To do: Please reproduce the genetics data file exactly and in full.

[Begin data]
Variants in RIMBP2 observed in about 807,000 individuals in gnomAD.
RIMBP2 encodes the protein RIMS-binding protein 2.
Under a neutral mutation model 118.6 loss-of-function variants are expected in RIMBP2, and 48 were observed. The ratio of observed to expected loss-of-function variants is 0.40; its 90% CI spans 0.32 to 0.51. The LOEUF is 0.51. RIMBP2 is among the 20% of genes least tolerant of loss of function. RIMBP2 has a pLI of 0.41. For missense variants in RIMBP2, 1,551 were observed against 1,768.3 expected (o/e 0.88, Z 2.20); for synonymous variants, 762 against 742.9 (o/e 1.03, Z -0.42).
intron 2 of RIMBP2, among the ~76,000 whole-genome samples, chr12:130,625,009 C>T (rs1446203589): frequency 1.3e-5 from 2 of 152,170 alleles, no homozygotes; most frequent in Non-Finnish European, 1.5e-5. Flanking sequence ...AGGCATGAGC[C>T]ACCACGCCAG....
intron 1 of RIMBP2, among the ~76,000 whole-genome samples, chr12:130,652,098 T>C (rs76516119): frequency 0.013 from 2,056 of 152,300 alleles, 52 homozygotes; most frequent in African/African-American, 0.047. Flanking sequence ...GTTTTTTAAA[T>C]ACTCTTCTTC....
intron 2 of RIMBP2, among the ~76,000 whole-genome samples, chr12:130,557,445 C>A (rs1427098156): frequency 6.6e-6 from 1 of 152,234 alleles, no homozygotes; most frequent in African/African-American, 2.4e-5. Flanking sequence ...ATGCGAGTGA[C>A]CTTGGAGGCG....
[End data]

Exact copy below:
Variants in RIMBP2 observed in about 807,000 individuals in gnomAD.
RIMBP2 encodes the protein RIMS-binding protein 2.
Under a neutral mutation model 118.6 loss-of-function variants are expected in RIMBP2, and 48 were observed. The ratio of observed to expected loss-of-function variants is 0.40; its 90% CI spans 0.32 to 0.51. The LOEUF is 0.51. RIMBP2 is among the 20% of genes least tolerant of loss of function. RIMBP2 has a pLI of 0.41. For missense variants in RIMBP2, 1,551 were observed against 1,768.3 expected (o/e 0.88, Z 2.20); for synonymous variants, 762 against 742.9 (o/e 1.03, Z -0.42).
intron 2 of RIMBP2, among the ~76,000 whole-genome samples, chr12:130,625,009 C>T (rs1446203589): frequency 1.3e-5 from 2 of 152,170 alleles, no homozygotes; most frequent in Non-Finnish European, 1.5e-5. Flanking sequence ...AGGCATGAGC[C>T]ACCACGCCAG....
intron 1 of RIMBP2, among the ~76,000 whole-genome samples, chr12:130,652,098 T>C (rs76516119): frequency 0.013 from 2,056 of 152,300 alleles, 52 homozygotes; most frequent in African/African-American, 0.047. Flanking sequence ...GTTTTTTAAA[T>C]ACTCTTCTTC....
intron 2 of RIMBP2, among the ~76,000 whole-genome samples, chr12:130,557,445 C>A (rs1427098156): frequency 6.6e-6 from 1 of 152,234 alleles, no homozygotes; most frequent in African/African-American, 2.4e-5. Flanking sequence ...ATGCGAGTGA[C>A]CTTGGAGGCG....